Winemaking in Brazil took off like a rocket! After years of Western colonization, Italian immigrants settled in southern Brazil near the Rio Grande do Sul in 1875. Only nine years later, Brazil was producing over 8 million liters of wine. At first, the wine was mass-produced and relatively low quality. In the 1960s and 1970s, growers began shifting their focus from quantity to quality.

In 1998, this quality minded movement culminated with the creation of the Brazilian Wine Institute (Ibravin), which has become the forum for discussions about practices, regions, quality and other industry topics. While much of the wine produced in Brazil is still sweet wine aimed at domestic consumption, international varietals like Chardonnay, Cabernet Sauvignon, Merlot and Tannat have recently been more widely planted.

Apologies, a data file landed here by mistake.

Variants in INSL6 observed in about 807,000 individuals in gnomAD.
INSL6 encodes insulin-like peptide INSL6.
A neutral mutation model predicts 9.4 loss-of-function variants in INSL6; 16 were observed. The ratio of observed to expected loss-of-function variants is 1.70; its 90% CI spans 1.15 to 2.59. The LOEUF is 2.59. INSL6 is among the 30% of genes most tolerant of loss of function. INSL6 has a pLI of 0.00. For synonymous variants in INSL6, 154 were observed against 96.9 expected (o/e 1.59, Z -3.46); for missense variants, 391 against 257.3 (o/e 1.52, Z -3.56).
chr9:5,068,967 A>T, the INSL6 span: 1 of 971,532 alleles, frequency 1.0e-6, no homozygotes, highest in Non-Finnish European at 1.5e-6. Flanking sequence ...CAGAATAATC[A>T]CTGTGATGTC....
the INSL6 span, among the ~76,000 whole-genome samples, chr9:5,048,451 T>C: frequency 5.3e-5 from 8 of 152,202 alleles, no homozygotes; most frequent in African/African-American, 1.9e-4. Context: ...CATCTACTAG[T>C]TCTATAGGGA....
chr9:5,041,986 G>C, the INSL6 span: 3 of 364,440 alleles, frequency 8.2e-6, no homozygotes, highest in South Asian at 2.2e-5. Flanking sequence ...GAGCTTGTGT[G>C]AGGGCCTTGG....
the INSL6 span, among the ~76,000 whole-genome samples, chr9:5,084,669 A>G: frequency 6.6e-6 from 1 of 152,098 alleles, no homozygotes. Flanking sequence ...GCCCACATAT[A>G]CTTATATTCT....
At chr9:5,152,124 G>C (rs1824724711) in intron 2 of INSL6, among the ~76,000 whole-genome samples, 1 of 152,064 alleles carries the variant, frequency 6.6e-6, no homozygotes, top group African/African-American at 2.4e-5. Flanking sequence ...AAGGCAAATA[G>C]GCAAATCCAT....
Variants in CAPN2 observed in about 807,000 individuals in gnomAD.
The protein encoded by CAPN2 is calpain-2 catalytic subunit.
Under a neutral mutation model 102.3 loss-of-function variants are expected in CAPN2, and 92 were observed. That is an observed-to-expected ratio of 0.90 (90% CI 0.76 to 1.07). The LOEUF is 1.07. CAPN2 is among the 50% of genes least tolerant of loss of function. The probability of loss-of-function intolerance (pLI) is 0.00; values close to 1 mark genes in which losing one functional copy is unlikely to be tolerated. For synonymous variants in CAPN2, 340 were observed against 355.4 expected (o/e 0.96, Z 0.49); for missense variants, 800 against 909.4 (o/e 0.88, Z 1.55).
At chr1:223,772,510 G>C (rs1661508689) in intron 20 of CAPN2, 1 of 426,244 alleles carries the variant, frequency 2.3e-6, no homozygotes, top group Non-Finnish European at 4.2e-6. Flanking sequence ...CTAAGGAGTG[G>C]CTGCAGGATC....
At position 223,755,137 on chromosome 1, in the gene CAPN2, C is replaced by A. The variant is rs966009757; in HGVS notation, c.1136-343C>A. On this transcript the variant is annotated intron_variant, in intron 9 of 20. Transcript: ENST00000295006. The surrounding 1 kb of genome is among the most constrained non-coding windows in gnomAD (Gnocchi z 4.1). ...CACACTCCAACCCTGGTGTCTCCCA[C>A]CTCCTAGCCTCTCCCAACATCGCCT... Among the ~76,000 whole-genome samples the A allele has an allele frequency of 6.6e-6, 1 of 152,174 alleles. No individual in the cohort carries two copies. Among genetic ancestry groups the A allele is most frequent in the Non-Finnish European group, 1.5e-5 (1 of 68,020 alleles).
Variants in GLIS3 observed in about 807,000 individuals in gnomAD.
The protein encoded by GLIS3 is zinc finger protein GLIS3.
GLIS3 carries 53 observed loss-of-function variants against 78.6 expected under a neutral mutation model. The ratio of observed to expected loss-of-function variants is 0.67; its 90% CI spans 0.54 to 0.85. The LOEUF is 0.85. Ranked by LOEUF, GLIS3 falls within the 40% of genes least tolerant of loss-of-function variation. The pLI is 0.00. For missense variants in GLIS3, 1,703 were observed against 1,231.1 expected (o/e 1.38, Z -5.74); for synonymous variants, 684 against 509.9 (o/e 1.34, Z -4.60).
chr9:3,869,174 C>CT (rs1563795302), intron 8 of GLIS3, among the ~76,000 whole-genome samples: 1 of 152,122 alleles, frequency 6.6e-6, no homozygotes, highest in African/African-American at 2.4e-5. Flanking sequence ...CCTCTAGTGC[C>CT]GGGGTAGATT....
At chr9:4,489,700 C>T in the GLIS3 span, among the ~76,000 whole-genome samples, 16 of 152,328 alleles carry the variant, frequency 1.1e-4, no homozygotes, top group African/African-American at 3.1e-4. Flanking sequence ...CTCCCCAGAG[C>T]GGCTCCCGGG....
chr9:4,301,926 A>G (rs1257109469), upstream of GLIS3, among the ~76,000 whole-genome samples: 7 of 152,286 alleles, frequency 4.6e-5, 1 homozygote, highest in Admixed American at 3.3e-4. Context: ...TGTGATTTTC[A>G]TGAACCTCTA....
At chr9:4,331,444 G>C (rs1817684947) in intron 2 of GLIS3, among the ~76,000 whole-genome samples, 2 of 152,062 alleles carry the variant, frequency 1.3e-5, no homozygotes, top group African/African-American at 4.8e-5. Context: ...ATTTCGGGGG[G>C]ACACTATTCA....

The spice and body of Brazilian wines are a perfect marriage with the varied flavors and textures found in picadinho, a meat and vegetable dish popular in the Southeast.

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